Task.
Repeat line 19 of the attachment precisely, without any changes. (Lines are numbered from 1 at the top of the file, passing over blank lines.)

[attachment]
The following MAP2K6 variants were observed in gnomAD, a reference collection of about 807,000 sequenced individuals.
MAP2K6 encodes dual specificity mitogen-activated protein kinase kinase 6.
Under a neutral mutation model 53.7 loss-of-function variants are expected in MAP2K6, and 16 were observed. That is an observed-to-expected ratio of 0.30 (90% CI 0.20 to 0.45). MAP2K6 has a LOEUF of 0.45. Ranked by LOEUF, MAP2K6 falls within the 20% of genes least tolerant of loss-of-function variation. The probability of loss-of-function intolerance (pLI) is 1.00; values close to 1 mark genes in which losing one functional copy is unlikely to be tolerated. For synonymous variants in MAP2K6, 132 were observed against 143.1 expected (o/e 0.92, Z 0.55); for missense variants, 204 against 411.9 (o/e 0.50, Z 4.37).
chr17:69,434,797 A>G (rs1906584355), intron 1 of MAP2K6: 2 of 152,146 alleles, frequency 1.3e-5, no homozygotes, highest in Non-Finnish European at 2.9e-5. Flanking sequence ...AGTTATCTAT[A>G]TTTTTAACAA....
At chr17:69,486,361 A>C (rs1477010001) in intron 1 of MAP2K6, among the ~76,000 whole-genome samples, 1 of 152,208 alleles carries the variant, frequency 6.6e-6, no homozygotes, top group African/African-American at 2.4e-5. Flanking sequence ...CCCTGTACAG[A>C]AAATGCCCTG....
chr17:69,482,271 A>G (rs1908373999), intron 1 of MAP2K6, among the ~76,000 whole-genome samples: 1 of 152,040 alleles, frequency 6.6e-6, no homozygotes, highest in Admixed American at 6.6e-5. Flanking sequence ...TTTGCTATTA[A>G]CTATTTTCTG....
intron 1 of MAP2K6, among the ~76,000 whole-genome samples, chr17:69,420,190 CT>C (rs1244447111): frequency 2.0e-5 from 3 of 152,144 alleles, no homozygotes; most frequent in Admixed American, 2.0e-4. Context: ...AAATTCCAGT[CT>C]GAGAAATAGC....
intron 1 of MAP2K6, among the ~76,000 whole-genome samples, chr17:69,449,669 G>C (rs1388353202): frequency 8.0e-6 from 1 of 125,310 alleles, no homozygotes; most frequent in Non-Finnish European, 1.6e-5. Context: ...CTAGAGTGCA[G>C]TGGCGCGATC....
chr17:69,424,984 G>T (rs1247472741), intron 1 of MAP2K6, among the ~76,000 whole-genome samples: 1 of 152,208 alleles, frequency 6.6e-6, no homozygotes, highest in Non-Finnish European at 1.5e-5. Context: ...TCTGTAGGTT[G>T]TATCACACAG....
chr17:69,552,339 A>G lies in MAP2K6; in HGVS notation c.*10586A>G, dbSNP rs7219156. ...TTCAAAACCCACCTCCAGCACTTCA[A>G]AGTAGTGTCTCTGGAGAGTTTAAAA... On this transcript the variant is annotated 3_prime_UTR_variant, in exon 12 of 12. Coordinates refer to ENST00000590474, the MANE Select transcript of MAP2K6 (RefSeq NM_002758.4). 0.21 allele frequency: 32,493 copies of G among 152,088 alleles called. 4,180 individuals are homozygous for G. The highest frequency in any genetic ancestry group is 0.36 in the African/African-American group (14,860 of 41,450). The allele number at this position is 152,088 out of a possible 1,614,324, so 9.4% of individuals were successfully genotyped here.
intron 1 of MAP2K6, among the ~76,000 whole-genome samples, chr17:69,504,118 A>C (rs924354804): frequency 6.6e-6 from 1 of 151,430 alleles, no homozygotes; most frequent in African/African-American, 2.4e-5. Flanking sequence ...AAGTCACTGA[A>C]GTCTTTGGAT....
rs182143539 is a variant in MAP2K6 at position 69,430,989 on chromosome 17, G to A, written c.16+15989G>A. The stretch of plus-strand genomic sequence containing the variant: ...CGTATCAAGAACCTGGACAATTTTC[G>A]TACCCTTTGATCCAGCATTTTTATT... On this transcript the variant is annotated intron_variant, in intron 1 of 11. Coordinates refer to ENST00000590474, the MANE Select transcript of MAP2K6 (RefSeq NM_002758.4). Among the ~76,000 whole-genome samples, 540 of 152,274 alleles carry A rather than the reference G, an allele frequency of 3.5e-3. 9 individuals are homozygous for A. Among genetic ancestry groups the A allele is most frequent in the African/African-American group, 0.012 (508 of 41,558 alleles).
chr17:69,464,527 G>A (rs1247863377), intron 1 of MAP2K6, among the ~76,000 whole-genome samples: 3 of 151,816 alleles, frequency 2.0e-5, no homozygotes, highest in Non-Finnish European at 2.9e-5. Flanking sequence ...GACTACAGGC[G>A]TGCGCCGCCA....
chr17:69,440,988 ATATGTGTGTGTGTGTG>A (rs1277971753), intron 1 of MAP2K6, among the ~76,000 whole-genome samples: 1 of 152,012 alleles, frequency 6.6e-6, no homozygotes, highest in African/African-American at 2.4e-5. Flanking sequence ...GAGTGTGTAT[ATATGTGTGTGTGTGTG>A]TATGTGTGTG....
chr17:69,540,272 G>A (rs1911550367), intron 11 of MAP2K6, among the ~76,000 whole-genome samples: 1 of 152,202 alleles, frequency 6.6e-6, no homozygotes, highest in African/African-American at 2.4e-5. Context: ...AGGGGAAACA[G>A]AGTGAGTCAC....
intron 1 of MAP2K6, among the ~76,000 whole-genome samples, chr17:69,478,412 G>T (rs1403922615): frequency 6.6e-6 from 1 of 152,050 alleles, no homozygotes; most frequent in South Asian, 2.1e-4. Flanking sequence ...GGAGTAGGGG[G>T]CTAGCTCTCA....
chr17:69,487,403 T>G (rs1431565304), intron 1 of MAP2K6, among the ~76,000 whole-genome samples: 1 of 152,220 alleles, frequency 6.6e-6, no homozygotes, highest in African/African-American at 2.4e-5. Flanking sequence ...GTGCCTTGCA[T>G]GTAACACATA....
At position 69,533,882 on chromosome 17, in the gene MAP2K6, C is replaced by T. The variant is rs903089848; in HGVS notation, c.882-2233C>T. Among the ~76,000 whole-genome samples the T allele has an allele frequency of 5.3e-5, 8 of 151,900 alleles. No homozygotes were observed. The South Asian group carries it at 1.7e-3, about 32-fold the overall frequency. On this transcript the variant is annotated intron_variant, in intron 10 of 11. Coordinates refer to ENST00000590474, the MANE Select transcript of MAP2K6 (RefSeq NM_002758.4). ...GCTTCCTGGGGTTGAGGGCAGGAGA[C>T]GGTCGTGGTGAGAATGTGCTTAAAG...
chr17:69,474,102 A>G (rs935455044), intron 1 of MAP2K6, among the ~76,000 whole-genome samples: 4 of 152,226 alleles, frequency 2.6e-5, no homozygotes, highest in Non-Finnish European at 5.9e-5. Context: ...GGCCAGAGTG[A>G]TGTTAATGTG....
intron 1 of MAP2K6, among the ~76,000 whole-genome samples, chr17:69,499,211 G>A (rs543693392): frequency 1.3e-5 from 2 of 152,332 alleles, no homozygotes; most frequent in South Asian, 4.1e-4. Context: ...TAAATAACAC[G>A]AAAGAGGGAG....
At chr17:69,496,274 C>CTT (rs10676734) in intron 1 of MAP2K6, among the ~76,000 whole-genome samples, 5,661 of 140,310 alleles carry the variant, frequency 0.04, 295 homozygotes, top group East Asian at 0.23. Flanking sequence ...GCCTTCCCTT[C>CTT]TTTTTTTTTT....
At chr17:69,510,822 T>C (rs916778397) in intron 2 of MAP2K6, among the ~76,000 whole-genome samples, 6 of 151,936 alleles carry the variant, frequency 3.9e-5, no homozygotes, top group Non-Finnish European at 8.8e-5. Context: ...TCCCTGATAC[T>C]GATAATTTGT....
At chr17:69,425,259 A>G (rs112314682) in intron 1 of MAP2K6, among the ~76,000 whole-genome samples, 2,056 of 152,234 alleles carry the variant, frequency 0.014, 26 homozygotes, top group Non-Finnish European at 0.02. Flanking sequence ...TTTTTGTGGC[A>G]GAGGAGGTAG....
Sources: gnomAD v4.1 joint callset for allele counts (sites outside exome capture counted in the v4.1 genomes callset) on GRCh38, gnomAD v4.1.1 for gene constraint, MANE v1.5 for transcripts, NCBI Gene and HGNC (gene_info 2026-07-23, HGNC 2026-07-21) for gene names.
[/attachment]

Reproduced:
chr17:69,474,102 A>G (rs935455044), intron 1 of MAP2K6, among the ~76,000 whole-genome samples: 4 of 152,226 alleles, frequency 2.6e-5, no homozygotes, highest in Non-Finnish European at 5.9e-5. Context: ...GGCCAGAGTG[A>G]TGTTAATGTG....